The solution, called the Interbank Information Network, allows consumers to transfer funds to beneficiaries in an accelerated, more secure manner. Chase, the largest U.S. bank, developed the product in cooperation with the Royal Bank of Canada and Australia and New Zealand Banking Group. The financial giant recently talked of further expanding the reach of IIN and offering the platform as a separate product for anyone interested in adopting blockchain-based financial software, Reuters reported. The open-source solution is currently available for download and alteration but it is still explicitly connected to the bank.
"We continue to believe distributed ledger technology will play a transformative role in business which is why we are actively building multiple blockchain solutions," a spokesperson for Chase told the wire service.
These initial blockchain implementations previewed how the technology, used at scale, could transform how financial services organizations and led to further adoption as those on the outside looking in on the trend saw how the innovation could mitigate various long-standing plaguing the sector.
Addressing a longtime pain point
In addition to streamlining online banking and trading experiences, blockchain has the potential to address one of the most serious pain points affecting businesses in the financial services space: fraud. Intermediaries such as payment processors suffer the most, with almost half experiencing regular instances of fraud, according to research from PricewaterhouseCoopers. Banks and larger financial firms are affected by this particular form of economic crime at similar rates. While much of this activity centers on asset misappropriation, cybercrime is becoming increasingly common due to digitization. And when hackers get hold of assets via online channels, banks normally incur costs of $2.67 per dollar lost, making fraud an extremely expensive problem to deal with, according to LexisNexis Risk Solutions.
"As digital channels become more prevalent, particularly with consumer demand for mobile banking, fraud is a significant drain on financial services companies' revenues – more than just the value of the fraud itself," LexisNexis Vice President of Fraud and Identity Management Paul Bjerke explained. "These companies need to track and combat fraud effectively to reduce the cost on their business and protect their customers in the new digital age."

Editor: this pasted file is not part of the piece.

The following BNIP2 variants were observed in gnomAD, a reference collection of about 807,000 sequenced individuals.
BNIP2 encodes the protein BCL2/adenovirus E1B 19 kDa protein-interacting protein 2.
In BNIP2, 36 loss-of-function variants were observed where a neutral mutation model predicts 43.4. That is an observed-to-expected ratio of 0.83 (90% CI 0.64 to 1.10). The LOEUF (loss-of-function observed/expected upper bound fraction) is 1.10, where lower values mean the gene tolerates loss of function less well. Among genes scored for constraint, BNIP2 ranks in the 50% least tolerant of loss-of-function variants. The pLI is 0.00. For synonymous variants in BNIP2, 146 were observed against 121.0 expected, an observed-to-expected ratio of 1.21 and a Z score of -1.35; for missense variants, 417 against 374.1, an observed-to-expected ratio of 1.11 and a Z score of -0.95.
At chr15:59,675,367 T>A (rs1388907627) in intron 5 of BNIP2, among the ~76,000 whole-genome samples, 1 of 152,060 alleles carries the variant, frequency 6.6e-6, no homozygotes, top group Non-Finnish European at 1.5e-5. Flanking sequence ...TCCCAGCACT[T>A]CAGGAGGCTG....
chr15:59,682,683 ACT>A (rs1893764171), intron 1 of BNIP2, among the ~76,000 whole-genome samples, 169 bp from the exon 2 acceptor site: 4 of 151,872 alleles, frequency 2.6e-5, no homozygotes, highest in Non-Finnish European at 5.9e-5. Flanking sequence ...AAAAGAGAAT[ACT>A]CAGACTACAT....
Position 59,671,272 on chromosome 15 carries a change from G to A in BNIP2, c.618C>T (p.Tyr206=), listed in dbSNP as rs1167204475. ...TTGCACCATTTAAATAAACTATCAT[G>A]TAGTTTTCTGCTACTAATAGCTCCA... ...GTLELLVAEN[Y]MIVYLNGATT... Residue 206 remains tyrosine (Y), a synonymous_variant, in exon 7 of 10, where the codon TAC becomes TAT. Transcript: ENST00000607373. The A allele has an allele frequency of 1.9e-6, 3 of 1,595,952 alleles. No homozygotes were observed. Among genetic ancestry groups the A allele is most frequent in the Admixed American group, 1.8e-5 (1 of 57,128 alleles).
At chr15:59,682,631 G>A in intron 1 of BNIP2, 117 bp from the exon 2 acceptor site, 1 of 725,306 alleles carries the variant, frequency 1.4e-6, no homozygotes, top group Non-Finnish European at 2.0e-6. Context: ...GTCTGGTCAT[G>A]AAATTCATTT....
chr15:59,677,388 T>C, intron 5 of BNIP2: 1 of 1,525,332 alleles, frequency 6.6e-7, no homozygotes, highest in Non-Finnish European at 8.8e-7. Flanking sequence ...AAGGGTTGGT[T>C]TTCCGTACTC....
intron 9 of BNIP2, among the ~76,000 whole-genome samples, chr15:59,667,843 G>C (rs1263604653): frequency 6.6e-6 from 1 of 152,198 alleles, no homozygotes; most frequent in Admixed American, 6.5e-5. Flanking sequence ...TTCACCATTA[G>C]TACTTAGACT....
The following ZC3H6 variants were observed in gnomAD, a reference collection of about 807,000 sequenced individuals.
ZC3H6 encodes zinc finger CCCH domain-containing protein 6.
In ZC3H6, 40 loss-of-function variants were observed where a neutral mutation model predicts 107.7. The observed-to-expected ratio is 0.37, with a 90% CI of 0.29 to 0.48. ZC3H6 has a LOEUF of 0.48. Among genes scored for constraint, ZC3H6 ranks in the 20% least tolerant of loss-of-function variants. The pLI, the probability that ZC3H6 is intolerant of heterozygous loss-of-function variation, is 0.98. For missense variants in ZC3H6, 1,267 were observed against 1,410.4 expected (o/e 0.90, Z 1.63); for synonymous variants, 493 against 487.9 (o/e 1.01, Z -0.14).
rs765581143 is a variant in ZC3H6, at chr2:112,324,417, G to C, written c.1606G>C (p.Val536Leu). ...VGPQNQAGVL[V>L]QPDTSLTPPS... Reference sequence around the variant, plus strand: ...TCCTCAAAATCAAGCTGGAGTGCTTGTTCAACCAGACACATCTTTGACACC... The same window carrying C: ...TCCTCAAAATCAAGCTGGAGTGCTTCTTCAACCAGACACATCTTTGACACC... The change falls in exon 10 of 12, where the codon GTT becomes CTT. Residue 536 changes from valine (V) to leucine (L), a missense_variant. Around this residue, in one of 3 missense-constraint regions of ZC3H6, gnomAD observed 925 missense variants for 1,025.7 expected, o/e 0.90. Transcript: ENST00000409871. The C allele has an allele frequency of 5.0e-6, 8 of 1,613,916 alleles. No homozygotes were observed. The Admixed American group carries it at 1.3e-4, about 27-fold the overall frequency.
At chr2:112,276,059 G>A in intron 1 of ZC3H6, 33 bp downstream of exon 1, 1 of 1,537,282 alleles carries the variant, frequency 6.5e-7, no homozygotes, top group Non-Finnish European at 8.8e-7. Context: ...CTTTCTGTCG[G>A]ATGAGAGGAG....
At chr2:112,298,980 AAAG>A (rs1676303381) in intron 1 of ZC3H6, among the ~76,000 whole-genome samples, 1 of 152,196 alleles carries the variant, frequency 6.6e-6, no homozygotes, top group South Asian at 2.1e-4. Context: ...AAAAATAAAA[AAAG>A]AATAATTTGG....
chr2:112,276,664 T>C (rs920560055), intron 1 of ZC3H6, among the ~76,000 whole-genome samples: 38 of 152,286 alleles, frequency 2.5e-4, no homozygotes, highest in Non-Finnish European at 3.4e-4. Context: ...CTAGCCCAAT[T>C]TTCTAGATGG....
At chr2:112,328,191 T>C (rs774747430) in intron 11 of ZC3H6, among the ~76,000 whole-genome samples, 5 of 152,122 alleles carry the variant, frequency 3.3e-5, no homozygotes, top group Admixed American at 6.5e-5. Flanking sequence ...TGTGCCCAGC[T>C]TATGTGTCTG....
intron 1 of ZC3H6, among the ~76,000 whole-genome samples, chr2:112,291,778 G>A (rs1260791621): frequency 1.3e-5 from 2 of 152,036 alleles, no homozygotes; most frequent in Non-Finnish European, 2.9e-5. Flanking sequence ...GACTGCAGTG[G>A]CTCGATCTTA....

Blockchain is, of course, the answer to this widespread problem as it allows businesses to easily track transactions and leverage encryption technology to prevent fraud. If banks and other financial services companies manage to make the open-ledger solutions industry standard, they could orchestrate an immense drop off in fraudulent banking activity, the benefits of which would certainly trickle down to everyday customers.
A versatile enterprise solution
Open-ledger technology is not a one-trick, or even two-trick pony – the innovation has the potential to catalyze growth across numerous operational areas, apart from those mentioned above. For example, analysts at Deloitte see blockchain as viable solution to online identity management problems. Identity theft has become an all too common occurrence in the digital age, with cybercriminals leveraging online platforms and other web-based methods to collect personal information for use in impersonation schemes.
In 2016, these nefarious individuals managed to impersonate more than 15 million U.S. residents, using their data to steal roughly $16 million, according to Javelin Research and Strategy. Much of this activity unfolds over online banking platforms as criminal use the credentials and personal identifies they have collected to gain access to victims' accounts. However, this could change with the widespread implementation of blockchain-based identity management technology. How?